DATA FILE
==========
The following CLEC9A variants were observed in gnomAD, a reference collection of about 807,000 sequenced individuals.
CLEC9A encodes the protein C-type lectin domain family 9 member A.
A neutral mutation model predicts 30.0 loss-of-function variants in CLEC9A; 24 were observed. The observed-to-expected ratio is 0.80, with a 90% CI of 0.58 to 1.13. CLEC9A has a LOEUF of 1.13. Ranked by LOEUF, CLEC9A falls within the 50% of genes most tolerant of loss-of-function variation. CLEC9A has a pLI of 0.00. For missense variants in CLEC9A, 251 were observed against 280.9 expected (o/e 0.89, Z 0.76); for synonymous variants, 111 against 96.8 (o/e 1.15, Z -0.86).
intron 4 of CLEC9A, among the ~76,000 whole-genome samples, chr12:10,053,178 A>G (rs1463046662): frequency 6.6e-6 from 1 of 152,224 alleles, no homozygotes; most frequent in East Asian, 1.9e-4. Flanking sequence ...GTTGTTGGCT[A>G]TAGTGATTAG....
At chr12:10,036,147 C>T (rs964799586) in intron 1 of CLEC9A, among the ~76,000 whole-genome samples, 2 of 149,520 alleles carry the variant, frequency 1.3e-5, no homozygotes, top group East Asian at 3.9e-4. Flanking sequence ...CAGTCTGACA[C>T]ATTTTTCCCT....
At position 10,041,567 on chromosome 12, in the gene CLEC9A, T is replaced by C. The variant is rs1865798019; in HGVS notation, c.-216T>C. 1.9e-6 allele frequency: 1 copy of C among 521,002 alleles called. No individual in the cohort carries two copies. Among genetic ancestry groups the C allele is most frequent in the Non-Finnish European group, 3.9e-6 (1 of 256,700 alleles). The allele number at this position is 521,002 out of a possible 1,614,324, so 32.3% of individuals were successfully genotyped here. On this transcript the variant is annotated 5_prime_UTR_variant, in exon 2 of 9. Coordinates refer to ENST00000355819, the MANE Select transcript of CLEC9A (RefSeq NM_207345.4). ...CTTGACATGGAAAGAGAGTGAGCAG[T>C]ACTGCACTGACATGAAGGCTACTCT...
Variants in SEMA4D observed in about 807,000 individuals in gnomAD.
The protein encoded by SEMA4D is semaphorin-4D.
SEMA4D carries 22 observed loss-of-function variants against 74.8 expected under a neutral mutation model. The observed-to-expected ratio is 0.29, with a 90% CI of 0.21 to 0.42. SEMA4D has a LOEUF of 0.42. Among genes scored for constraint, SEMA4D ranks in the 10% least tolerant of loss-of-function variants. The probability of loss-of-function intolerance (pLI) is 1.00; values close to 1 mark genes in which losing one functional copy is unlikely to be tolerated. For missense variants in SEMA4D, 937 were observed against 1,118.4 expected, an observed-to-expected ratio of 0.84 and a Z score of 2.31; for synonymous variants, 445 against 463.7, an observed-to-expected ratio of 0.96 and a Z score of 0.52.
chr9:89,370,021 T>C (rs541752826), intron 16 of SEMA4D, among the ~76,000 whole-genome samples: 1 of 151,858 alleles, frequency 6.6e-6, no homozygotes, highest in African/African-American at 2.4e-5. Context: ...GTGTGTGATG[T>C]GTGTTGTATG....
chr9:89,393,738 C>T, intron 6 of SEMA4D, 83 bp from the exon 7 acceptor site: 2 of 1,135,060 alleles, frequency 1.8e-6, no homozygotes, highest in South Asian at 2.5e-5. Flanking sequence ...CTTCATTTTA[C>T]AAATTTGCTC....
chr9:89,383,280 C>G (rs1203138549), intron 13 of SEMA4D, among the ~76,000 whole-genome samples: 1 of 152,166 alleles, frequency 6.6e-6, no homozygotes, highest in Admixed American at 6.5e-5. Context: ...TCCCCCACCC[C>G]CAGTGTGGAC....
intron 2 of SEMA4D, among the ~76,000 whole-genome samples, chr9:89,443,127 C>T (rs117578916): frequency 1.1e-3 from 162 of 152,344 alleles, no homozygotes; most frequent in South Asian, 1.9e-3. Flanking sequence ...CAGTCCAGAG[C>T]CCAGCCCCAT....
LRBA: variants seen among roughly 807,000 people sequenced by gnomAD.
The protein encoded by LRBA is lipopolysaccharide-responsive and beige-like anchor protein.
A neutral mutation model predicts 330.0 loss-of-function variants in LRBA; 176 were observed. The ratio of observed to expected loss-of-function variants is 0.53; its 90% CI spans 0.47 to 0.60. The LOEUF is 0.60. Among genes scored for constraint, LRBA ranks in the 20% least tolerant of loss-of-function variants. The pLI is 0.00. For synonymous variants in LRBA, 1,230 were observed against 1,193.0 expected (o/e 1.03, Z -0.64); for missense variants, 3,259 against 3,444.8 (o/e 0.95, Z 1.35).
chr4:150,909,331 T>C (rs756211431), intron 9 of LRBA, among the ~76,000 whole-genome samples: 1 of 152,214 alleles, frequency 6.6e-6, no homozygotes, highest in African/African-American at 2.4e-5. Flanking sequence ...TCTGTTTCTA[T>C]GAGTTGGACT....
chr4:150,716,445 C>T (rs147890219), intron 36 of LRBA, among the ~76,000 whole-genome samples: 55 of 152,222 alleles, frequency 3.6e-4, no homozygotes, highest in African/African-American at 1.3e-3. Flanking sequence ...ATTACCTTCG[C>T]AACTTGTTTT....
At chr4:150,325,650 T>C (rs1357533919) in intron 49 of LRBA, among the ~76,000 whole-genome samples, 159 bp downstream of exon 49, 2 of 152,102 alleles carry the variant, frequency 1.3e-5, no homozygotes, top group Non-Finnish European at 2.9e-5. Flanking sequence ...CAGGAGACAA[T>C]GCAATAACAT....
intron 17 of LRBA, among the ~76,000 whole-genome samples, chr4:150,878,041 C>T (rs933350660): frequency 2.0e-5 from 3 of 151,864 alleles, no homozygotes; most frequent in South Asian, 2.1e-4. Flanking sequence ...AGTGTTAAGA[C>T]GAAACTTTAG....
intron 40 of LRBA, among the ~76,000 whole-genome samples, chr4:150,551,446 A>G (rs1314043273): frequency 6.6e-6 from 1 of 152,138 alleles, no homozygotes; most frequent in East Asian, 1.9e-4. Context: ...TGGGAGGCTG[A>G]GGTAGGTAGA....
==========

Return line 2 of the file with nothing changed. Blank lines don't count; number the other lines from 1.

CLEC9A encodes the protein C-type lectin domain family 9 member A.